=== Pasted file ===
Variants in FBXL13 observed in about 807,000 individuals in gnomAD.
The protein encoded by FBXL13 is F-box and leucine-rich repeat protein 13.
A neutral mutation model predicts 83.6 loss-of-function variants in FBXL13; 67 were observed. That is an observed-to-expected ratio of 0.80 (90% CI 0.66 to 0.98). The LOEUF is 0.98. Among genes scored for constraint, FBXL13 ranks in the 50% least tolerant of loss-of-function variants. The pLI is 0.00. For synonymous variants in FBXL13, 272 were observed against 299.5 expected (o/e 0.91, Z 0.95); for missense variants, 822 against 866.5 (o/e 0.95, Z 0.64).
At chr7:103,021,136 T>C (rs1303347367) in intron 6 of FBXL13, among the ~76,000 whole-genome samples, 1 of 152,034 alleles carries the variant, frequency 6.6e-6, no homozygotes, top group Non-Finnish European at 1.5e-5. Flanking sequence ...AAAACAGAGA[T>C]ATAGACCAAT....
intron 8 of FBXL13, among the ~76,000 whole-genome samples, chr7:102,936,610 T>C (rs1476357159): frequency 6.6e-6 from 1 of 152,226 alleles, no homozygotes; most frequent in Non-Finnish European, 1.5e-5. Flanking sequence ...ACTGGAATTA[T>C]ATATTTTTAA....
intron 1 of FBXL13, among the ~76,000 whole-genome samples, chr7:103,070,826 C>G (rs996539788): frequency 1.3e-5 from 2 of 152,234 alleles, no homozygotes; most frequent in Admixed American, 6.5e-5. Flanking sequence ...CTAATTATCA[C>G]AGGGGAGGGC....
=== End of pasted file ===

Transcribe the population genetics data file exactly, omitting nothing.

Variants in FBXL13 observed in about 807,000 individuals in gnomAD.
The protein encoded by FBXL13 is F-box and leucine-rich repeat protein 13.
A neutral mutation model predicts 83.6 loss-of-function variants in FBXL13; 67 were observed. That is an observed-to-expected ratio of 0.80 (90% CI 0.66 to 0.98). The LOEUF is 0.98. Among genes scored for constraint, FBXL13 ranks in the 50% least tolerant of loss-of-function variants. The pLI is 0.00. For synonymous variants in FBXL13, 272 were observed against 299.5 expected (o/e 0.91, Z 0.95); for missense variants, 822 against 866.5 (o/e 0.95, Z 0.64).
At chr7:103,021,136 T>C (rs1303347367) in intron 6 of FBXL13, among the ~76,000 whole-genome samples, 1 of 152,034 alleles carries the variant, frequency 6.6e-6, no homozygotes, top group Non-Finnish European at 1.5e-5. Flanking sequence ...AAAACAGAGA[T>C]ATAGACCAAT....
intron 8 of FBXL13, among the ~76,000 whole-genome samples, chr7:102,936,610 T>C (rs1476357159): frequency 6.6e-6 from 1 of 152,226 alleles, no homozygotes; most frequent in Non-Finnish European, 1.5e-5. Flanking sequence ...ACTGGAATTA[T>C]ATATTTTTAA....
intron 1 of FBXL13, among the ~76,000 whole-genome samples, chr7:103,070,826 C>G (rs996539788): frequency 1.3e-5 from 2 of 152,234 alleles, no homozygotes; most frequent in Admixed American, 6.5e-5. Flanking sequence ...CTAATTATCA[C>G]AGGGGAGGGC....